After three years of media censorship, the Nicaraguan government has begun talks with executives of the only opposition newspaper about the possibility of ending the limits on press freedom.
But most observers consulted here say that the Sandinista government, challenged by armed rebels and the hostility of the Reagan administration, would find it almost impossible to lift censorship.
Vice President Sergio Ramirez met March 7 with two executives of the opposition newspaper La Prensa. According to one of the executives, the Sandinista leader asked them how their newspaper would treat his government if censorship were lifted.
"He asked what the political line of the newspaper would be," Jaime Chamorro said. "We told him our line has not changed. We are not afraid of social change or of changes in government structure, but only within western democratic norms. We are against alignment with Cuba, the Soviet Union and the Eastern Bloc."
The Sandinistas, according to diplomats and government officials, are under pressure from key European and Latin American governments, as well as the Reagan administration, to end censorship.
Some Sandinista officials have told journalists that they favor ending press control, which they say has turned La Prensa into a cause celebre and damaged the Sandinista image internationally. Others have insisted that the afternoon daily must be controlled, charging that it is an instrument of the Reagan administration and the CIA and is allied to the rebels trying to overthrow the government.
Diplomats and other nongovernment observers said that given the deepening economic problems, difficulties with draft resistance and the rebel conflict, it was unlikely that the Sandinistas would end censorship now. Vice President Ramirez confirmed that the meeting had taken place but refused further comment.
Chamorro said the vice president has asked the executives of the newspaper to draw up a position paper, in effect a list of issues La Prensa would insist on covering if censorship were lifted.
"We will never agree to self-censorship," Chamorro said. "True freedom of the press comes without conditions."
A major Sandinista concern is how La Prensa would deal with news about military operations against the rebels. Chamorro said the newspaper's executives and editor are drafting answers to Ramirez on that and other issues.
Ramirez "said the Sandinistas realize La Prensa is an institution in Nicaragua and will survive," said Chamorro, whose family founded the newspaper in 1926. "He said we must realize that the Sandinista Front is an institution that will also survive and that we must learn to live together."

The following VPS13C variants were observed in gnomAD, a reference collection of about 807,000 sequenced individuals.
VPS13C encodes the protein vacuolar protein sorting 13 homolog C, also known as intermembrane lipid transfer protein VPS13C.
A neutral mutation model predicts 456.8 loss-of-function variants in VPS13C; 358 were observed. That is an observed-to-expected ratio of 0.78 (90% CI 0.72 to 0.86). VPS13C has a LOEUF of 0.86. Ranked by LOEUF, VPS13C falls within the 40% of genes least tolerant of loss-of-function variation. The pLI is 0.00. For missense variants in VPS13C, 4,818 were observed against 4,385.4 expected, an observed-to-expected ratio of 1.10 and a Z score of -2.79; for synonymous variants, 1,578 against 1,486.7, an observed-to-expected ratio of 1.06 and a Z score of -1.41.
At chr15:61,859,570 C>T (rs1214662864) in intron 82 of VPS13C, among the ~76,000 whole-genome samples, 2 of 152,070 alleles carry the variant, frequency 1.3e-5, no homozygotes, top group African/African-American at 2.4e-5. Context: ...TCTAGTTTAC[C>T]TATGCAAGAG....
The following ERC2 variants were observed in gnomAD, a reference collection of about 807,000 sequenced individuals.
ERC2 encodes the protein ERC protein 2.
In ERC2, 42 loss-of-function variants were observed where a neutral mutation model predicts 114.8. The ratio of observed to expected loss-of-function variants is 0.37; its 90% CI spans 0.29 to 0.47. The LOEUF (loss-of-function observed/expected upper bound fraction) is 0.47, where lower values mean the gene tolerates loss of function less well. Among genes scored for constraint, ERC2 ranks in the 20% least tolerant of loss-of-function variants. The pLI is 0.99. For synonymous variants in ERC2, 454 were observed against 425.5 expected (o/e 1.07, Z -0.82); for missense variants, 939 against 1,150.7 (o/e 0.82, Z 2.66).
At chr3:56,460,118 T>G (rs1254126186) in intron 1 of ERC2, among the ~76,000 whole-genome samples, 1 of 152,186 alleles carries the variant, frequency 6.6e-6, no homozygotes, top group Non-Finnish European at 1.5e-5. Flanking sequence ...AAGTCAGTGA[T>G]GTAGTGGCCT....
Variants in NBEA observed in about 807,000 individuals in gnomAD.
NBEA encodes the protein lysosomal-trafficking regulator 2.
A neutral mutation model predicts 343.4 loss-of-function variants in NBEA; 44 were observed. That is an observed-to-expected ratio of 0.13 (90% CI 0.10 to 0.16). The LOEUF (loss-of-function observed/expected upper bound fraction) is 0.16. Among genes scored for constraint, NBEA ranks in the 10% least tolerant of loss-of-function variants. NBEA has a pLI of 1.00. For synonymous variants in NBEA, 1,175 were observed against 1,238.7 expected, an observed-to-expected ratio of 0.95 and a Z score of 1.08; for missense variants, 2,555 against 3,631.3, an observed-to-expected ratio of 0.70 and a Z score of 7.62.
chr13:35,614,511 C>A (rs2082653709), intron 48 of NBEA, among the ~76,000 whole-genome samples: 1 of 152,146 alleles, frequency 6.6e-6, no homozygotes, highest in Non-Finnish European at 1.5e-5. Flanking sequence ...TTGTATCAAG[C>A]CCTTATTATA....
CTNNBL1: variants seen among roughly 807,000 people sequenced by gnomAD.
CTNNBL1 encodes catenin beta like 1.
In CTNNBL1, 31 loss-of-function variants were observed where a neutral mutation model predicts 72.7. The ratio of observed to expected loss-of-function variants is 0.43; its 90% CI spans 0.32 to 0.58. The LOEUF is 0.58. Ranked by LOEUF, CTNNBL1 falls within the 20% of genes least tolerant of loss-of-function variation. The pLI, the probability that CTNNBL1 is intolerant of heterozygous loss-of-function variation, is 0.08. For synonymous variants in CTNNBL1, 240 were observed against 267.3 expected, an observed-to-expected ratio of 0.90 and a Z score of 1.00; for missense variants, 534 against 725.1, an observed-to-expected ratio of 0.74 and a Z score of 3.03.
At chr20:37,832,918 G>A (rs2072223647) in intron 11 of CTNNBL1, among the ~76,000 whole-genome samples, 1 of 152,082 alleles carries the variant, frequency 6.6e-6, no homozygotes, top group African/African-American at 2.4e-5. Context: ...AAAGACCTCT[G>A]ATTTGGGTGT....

Chamorro's brother, Pedro Joaquin, who was editor of La Prensa, was a strong critic of dictator Anastasio Somoza, and was assassinated in 1978, reportedly by Somoza's allies. The slaying intensified opposition to Somoza that eventually led to his ouster by the Sandinistas and others in July 1979.
Censorship of all Nicaraguan media began March 15, 1982, as part of a state of emergency declared after U.S.-backed rebels blew up two bridges near the Nicaraguan-Honduran border. The government also closed 22 independent radio news shows, which have remained off the air ever since. Both television channels here are controlled by the government.
Chamorro said censorship diminished during the three-month national electoral campaign last summer and fall, but on Nov. 8, four days after Sandinista candidate Daniel Ortega was elected president, the government imposed new, stricter censorship.
"They diminished censorship during the campaign to try to convince foreign governments they were being democratic," said Chamorro. "Then they gave foreign election observers four days to get out of town, and they came down hard on us."
According to the guideliness of Nov. 8, Chamorro said, the media were not allowed to raise doubts about the validity of the elections, could not report on strikes or other labor disputes, were prohibited from publishing any account of a military operation that did not come directly from the government and could not report any criticism of the government or the Sandinista Front from outside Nicaragua.
According to Chamorro, almost half of the material on the newspaper's three main news pages was censored during December, January and February. He said censorship was lighter in March.
In November, after the elections, the then-editor of La Prensa, Pedro Joaquin Chamorro -- son of the slain editor -- left the country. In December he announced that he would stay in voluntary exile until full press freedom is granted. He recently signed a document in Costa Rica, along with other civilian and military opposition leaders, calling for the Sandinistas to negotiate peace with the rebels and to hold new elections.
Jaime Chamorro, his uncle, was summoned to appear before the chief of state security, Lenin Cerna, after allegedly telling a group of visiting Americans that the United States should continue to support anti-Sandinista rebels, whom he considered "fundamental to prevent . . . the implantation of a communist state."
Chamorro did not deny making the statement.
"It was a friendly meeting," said Chamorro. "He told me to watch my step because he didn't want to have people following me all the time watching everything I do."